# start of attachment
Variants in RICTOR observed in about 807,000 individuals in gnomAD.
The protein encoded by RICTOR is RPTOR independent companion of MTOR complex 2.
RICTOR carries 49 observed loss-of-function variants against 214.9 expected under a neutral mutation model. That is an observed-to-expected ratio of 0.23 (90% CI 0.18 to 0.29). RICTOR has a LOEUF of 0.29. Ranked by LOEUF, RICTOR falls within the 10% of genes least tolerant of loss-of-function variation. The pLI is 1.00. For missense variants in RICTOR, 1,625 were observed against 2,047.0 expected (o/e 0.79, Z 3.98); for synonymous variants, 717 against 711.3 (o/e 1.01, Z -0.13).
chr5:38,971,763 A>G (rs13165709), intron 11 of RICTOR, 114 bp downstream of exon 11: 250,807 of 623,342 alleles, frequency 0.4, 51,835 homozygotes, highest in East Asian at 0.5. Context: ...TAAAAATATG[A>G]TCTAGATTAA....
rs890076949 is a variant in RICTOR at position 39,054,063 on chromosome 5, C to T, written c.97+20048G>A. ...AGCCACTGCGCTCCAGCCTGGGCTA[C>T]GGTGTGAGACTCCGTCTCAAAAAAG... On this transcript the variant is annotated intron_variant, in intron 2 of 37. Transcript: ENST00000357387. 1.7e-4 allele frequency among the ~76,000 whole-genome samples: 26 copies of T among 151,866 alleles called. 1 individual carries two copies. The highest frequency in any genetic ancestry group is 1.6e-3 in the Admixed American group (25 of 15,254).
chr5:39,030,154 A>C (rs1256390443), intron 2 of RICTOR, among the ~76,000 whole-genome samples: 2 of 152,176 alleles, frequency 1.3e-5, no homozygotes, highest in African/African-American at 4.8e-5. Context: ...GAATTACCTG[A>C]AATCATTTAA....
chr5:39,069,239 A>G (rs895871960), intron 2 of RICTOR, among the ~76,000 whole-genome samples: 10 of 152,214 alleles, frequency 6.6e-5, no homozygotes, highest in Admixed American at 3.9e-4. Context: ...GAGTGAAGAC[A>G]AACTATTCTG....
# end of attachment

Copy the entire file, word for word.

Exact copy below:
Variants in RICTOR observed in about 807,000 individuals in gnomAD.
The protein encoded by RICTOR is RPTOR independent companion of MTOR complex 2.
RICTOR carries 49 observed loss-of-function variants against 214.9 expected under a neutral mutation model. That is an observed-to-expected ratio of 0.23 (90% CI 0.18 to 0.29). RICTOR has a LOEUF of 0.29. Ranked by LOEUF, RICTOR falls within the 10% of genes least tolerant of loss-of-function variation. The pLI is 1.00. For missense variants in RICTOR, 1,625 were observed against 2,047.0 expected (o/e 0.79, Z 3.98); for synonymous variants, 717 against 711.3 (o/e 1.01, Z -0.13).
chr5:38,971,763 A>G (rs13165709), intron 11 of RICTOR, 114 bp downstream of exon 11: 250,807 of 623,342 alleles, frequency 0.4, 51,835 homozygotes, highest in East Asian at 0.5. Context: ...TAAAAATATG[A>G]TCTAGATTAA....
rs890076949 is a variant in RICTOR at position 39,054,063 on chromosome 5, C to T, written c.97+20048G>A. ...AGCCACTGCGCTCCAGCCTGGGCTA[C>T]GGTGTGAGACTCCGTCTCAAAAAAG... On this transcript the variant is annotated intron_variant, in intron 2 of 37. Transcript: ENST00000357387. 1.7e-4 allele frequency among the ~76,000 whole-genome samples: 26 copies of T among 151,866 alleles called. 1 individual carries two copies. The highest frequency in any genetic ancestry group is 1.6e-3 in the Admixed American group (25 of 15,254).
chr5:39,030,154 A>C (rs1256390443), intron 2 of RICTOR, among the ~76,000 whole-genome samples: 2 of 152,176 alleles, frequency 1.3e-5, no homozygotes, highest in African/African-American at 4.8e-5. Context: ...GAATTACCTG[A>C]AATCATTTAA....
chr5:39,069,239 A>G (rs895871960), intron 2 of RICTOR, among the ~76,000 whole-genome samples: 10 of 152,214 alleles, frequency 6.6e-5, no homozygotes, highest in Admixed American at 3.9e-4. Context: ...GAGTGAAGAC[A>G]AACTATTCTG....